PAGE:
Nadean Hurtado

Santa Barbara had the second hottest summer ever recorded in 2016, its soaring temperatures matching much of the world.

Rising water, stronger hurricanes, larger variations in temperature, and lengthened growing seasons are all a part of the changing climate that has been occurring across the world. While the list of changes are known to us in a vague sense, what does it really mean for everyday life?

Climate change is the result of an increased greenhouse effect, meaning that the increase of certain particles in our atmosphere have been getting trapped for longer periods of time. While some particles being trapped is a good thing because it keeps us from freezing to death, there has never been an increase in greenhouse gasses as fast as there has been these last two hundred years.

For Santa Barbara, this means that the beaches will start disappearing and cliffs along the coast will start eroding at a faster rate. According to NASA, sea levels will rise anywhere between one and four feet by 2100 and will not stop rising for centuries after that. It has already risen about eight inches since reliable statistics have been recorded.

For places like the Maldives, a small nation of scattered islands in the middle of the Indian Ocean, this means that they will be put under water. At maximum height the Maldives don’t reach ten feet above sea level. If sea levels rise four feet, most of the island’s population will be living partially underwater because of tides. According to the Guardian, scientists estimate that up to 150 million people will have to move to other countries due to environmental degradation by 2050, namely due to a lack of fresh water and increases in the instability of resources.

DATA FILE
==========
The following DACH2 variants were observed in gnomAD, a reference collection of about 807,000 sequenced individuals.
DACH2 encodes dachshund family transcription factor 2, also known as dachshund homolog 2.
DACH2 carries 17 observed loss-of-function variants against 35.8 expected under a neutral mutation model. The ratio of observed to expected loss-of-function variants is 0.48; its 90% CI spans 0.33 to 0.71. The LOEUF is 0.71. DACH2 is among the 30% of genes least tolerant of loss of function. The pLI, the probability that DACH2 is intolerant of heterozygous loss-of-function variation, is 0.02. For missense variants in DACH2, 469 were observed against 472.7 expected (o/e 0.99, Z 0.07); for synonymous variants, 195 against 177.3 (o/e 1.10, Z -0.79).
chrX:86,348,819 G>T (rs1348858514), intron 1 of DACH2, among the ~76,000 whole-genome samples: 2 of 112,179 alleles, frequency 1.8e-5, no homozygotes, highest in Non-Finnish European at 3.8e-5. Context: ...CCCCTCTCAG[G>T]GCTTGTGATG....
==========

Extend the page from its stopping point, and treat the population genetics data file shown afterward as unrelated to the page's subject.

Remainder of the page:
With an increase in temperature in the Santa Barbara, the changing of rain and snowfall could affect the way that we get our energy. The county’s website estimated that 16 percent of Santa Barbara’s energy comes from hydroelectric power. With the decrease in water availability, we still need to provide energy for a rising population. According to the Santa Barbara County Association of Governments, there will be approximately 90,000 more people in the county by 2040.

Even worse than Santa Barbara, what do these changes mean for the planet? With changing weather patterns, sea ice is in a volatile state. Sea ice in the Arctic and Antarctic is the native environment for many species. With the ice melting, these populations have insufficient food, leading to starvation. The National Wildlife Federation stated that even when polar bears survive their forced fasts, there has been an increase in cannibalism of cubs by the male bears. This in turn leads to a decrease in any potential population stability.

Not only are polar bears losing hunting grounds with the temperature increases in and near the Arctic, humans are also increasing the pressure. Oil fields previously unattainable because of ice in the arctic are being drilled, allowing for disturbances to the habitat and its destruction, with the potential of oil spills, according to NWF.

So, for your New Year’s resolution, there are many ways to lower your warming impact for 2017.

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